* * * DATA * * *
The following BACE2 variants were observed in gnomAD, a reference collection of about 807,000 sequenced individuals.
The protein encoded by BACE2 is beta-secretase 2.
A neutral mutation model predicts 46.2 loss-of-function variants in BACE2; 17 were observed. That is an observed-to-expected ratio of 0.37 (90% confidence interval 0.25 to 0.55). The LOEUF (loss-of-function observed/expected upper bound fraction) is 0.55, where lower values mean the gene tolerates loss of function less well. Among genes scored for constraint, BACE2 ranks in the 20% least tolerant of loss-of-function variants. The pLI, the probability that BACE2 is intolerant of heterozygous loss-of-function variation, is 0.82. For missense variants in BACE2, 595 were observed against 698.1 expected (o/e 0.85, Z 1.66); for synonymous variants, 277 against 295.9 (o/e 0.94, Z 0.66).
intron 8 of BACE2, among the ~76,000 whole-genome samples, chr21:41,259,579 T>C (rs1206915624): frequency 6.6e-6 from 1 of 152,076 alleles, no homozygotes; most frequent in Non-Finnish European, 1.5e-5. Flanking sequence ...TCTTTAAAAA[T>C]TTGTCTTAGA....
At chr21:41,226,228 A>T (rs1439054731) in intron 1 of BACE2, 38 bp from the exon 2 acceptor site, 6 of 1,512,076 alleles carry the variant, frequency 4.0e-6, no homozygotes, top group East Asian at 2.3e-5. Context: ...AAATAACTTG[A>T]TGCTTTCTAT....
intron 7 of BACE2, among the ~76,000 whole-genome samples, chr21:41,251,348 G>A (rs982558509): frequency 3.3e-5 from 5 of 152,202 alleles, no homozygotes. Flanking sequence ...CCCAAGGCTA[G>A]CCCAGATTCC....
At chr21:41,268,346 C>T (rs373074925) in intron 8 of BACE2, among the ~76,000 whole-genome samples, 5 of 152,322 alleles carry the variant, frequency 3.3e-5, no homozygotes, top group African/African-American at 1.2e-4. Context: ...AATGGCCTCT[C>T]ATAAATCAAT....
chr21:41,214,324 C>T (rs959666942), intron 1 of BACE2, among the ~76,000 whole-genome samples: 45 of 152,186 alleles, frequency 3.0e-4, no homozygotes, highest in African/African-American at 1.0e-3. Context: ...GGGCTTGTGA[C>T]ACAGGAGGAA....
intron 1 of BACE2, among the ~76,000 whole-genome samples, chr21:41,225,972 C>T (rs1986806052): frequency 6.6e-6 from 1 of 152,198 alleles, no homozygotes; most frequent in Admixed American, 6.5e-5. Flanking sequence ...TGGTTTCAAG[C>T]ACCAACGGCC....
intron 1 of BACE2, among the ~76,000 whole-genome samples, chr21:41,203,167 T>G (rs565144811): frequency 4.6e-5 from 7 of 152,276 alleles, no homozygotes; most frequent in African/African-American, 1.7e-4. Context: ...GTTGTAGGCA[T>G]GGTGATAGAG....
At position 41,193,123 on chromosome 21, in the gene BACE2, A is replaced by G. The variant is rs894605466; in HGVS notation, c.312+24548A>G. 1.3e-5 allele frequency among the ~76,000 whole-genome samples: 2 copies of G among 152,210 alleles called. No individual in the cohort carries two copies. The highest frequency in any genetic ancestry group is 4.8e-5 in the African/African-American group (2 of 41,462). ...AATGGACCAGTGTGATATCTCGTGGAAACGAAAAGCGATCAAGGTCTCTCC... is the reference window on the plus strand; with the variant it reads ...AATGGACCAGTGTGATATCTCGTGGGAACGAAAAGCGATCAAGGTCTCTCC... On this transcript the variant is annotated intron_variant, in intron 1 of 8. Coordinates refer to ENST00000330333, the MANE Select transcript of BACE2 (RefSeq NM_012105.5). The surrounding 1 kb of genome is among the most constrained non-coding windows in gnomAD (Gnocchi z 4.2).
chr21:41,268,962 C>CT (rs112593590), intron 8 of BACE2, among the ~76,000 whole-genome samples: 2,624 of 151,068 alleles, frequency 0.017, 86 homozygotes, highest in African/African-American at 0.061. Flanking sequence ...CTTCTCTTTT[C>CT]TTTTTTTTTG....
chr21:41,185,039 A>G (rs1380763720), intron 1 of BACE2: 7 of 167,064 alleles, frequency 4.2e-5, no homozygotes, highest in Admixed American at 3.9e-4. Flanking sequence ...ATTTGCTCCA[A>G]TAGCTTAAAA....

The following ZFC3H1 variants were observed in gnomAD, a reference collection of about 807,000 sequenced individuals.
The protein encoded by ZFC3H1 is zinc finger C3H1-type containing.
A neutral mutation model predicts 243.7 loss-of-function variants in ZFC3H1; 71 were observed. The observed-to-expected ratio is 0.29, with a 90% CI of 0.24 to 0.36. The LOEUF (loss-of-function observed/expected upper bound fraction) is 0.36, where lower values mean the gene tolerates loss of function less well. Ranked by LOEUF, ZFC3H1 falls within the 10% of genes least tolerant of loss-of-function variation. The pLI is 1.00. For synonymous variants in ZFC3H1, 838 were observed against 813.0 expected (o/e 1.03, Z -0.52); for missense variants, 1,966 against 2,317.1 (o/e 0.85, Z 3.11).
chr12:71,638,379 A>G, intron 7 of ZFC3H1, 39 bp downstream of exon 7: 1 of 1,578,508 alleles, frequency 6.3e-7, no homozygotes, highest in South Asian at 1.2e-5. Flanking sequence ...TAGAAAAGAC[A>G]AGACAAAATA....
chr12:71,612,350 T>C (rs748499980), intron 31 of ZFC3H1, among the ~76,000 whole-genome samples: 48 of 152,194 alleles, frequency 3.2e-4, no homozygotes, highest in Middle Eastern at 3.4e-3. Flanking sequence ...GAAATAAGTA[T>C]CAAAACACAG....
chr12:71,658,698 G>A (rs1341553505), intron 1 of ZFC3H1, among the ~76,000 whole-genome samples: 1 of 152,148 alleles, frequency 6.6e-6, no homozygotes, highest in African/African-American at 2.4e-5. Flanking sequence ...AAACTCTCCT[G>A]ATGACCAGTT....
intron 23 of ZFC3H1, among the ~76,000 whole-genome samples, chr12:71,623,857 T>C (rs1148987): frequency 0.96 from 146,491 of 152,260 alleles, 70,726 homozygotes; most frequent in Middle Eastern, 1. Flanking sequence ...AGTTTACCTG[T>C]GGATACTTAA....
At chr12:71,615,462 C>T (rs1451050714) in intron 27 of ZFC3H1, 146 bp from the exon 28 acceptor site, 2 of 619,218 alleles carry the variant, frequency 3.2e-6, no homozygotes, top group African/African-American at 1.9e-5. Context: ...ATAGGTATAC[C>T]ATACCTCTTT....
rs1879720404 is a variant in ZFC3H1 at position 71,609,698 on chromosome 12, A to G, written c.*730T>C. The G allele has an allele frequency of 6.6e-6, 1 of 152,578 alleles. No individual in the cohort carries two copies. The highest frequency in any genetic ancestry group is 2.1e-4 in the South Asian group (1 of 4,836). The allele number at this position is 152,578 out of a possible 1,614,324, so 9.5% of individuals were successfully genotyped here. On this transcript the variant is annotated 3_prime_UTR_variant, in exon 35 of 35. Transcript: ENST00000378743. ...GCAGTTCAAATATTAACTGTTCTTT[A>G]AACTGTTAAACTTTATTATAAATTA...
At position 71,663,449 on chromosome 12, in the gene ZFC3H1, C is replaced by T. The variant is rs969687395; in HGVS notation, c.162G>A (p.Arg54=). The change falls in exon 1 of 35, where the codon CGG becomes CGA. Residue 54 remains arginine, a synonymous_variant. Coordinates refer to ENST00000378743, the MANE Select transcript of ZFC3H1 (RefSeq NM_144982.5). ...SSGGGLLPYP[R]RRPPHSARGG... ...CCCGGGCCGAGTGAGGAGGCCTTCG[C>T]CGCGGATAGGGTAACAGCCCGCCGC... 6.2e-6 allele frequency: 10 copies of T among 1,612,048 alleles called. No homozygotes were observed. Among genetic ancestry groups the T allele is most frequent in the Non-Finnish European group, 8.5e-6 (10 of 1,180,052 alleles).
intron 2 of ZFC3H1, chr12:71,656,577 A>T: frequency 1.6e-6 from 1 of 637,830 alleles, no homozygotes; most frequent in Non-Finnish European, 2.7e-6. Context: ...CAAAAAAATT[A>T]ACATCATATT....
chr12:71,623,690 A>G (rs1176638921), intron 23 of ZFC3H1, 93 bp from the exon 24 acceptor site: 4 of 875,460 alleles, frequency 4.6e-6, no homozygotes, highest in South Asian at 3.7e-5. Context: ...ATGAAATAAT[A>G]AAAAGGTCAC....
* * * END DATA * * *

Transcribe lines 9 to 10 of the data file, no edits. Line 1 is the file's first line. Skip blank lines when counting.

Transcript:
intron 1 of BACE2, among the ~76,000 whole-genome samples, chr21:41,225,972 C>T (rs1986806052): frequency 6.6e-6 from 1 of 152,198 alleles, no homozygotes; most frequent in Admixed American, 6.5e-5. Flanking sequence ...TGGTTTCAAG[C>T]ACCAACGGCC....
intron 1 of BACE2, among the ~76,000 whole-genome samples, chr21:41,203,167 T>G (rs565144811): frequency 4.6e-5 from 7 of 152,276 alleles, no homozygotes; most frequent in African/African-American, 1.7e-4. Context: ...GTTGTAGGCA[T>G]GGTGATAGAG....